While there are advantages to rapid innovation, the disadvantages include difficulty in finding where versions and components intersect. “I consider this a failure of software engineering,” said Gropp.
The end of Dennard scaling made our algorithms imperfect; they no longer exploit the performance that’s possible. Dennard once ensured the future was predictable, “but that free ride is over,” he added.
What is NCSA doing to stay ahead of this problem?
“We’re building teams of complementary expertise,” said Gropp. Anchor projects, such as the Center for Artificial Intelligence (AI) Innovation, Center for Digital Agriculture and the Large Synoptic Survey Telescope (LSST), have drawn specialists with a wealth of skills and strengths. NCSA has a new software directorate that employs more than 30 developers with expertise in many program languages. This workforce is especially attractive to NCSA Industry partners who can subcontract skills needed for special projects (contracts range from .25 to 6 FTE’s and for six months up to years in length).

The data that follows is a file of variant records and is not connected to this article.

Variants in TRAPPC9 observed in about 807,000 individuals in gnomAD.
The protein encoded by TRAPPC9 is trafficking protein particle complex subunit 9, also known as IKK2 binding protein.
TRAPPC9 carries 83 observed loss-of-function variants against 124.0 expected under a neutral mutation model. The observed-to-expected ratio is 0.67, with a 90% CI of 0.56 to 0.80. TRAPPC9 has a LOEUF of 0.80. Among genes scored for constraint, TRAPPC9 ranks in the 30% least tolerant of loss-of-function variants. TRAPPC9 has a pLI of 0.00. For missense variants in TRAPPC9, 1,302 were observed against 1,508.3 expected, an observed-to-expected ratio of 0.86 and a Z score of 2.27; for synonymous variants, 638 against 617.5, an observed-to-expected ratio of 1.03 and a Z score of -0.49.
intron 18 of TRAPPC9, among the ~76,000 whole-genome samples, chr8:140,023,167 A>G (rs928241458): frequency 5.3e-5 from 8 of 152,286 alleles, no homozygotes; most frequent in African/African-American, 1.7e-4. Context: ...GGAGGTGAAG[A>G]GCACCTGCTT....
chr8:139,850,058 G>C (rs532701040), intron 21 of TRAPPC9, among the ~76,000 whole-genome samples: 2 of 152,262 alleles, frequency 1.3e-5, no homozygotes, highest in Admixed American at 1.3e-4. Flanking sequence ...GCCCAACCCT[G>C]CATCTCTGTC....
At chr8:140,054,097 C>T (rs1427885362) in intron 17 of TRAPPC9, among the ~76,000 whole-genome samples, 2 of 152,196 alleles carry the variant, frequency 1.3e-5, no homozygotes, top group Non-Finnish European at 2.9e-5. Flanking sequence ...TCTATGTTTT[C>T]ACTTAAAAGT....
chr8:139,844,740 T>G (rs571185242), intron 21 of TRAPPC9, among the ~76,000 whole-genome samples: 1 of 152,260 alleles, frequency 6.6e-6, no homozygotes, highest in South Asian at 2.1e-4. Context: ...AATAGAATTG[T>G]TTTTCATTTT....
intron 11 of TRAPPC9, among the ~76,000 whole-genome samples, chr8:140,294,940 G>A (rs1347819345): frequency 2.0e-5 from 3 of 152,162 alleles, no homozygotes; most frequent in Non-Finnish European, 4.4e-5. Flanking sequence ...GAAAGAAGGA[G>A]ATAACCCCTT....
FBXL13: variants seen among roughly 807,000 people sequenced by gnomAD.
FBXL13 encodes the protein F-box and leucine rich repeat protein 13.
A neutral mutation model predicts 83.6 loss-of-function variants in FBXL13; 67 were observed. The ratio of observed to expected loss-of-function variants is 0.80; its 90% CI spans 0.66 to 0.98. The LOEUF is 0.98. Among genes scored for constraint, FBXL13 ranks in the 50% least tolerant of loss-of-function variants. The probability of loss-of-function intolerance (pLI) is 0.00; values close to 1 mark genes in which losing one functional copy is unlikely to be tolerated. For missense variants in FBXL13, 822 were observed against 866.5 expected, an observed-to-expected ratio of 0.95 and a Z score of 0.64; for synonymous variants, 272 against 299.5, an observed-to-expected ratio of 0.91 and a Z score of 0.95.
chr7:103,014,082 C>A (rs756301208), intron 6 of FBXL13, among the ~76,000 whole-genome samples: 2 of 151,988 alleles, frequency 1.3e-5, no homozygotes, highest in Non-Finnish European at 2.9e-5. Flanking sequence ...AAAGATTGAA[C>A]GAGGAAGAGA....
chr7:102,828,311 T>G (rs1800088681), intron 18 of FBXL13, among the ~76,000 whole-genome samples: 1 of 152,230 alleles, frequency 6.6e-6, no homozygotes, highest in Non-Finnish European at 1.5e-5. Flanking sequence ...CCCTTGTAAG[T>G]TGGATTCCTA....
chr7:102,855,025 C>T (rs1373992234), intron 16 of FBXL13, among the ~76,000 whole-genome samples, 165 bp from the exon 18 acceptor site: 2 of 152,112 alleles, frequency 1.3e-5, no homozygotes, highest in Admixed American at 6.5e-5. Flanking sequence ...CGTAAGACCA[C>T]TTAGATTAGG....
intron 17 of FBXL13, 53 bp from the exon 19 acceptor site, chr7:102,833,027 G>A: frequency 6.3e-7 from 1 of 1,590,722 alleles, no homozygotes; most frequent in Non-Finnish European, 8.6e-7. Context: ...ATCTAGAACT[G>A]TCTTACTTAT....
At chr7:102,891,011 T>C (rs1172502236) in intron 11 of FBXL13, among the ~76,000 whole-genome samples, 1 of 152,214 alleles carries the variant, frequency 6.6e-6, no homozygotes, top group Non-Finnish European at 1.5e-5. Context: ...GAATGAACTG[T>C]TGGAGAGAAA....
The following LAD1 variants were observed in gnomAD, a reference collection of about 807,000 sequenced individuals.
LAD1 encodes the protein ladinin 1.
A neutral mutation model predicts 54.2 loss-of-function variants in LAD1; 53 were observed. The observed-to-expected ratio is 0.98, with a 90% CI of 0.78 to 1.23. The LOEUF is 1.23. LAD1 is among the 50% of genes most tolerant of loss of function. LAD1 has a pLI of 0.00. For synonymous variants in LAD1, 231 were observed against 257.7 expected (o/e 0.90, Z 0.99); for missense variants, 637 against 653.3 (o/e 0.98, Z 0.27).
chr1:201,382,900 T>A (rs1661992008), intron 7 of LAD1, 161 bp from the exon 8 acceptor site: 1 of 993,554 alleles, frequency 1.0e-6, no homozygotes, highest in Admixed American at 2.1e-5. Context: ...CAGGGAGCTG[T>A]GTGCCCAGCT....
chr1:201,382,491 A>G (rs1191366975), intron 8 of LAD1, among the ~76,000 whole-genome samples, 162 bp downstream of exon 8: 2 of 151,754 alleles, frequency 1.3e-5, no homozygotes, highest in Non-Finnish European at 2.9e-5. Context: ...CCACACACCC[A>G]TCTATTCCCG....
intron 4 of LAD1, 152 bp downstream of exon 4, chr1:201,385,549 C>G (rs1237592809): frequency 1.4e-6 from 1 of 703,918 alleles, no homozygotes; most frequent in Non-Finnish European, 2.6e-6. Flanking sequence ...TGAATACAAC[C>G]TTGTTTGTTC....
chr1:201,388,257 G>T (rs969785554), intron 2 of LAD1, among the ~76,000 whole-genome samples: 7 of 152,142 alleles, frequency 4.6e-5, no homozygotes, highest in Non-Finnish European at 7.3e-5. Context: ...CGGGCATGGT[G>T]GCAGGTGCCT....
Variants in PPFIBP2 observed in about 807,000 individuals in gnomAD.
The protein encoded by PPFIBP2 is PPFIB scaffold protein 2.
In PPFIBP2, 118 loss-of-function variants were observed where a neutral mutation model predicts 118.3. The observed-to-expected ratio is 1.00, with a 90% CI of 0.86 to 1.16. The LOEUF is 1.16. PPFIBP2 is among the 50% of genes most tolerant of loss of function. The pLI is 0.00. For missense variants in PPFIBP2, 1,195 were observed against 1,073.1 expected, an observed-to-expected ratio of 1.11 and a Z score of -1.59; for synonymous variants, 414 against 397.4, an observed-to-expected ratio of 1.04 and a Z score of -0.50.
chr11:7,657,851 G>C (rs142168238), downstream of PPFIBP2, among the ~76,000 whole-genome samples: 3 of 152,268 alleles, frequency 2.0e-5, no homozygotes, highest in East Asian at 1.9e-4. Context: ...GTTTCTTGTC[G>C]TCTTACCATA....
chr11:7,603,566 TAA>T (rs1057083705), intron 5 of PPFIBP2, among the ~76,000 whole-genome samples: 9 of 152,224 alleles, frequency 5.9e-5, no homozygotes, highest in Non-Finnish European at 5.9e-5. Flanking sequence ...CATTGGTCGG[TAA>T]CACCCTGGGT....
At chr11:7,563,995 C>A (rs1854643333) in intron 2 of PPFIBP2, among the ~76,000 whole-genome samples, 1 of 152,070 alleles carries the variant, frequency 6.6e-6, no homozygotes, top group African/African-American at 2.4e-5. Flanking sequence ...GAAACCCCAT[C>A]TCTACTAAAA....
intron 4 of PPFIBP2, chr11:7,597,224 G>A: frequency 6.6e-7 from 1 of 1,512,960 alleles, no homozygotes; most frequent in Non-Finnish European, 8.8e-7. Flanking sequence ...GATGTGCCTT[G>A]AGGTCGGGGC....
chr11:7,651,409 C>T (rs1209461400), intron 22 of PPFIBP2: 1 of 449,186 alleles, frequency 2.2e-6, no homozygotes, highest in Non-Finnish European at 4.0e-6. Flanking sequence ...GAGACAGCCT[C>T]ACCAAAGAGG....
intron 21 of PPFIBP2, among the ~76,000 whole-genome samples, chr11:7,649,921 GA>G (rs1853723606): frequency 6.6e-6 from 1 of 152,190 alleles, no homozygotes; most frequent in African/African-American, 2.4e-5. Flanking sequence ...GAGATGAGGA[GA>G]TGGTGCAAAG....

NCSA Center for AI Innovation
During the Center for Digital Agriculture kick-off and first day of the NCSA Industry conference, it was evident that the 40 organizations represented, including NCSA Industry partners and tech companies who sponsored the event, are either active or soon to be active with AI; and just about every sector was represented. Therefore, few were surprised to learn that NCSA is launching a new Center for AI Innovation. Co-founders include NCSA Industry Director Brendan McGinty, Research Scientist Eliu Huerta, and Senior Research Scientist Volodymyr Kindratenko. Focused on the needs of industry, research and scholarship, “the new center will serve as a single umbrella for all things AI,” said McGinty. He also mentioned that a special announcement would be made during SC19.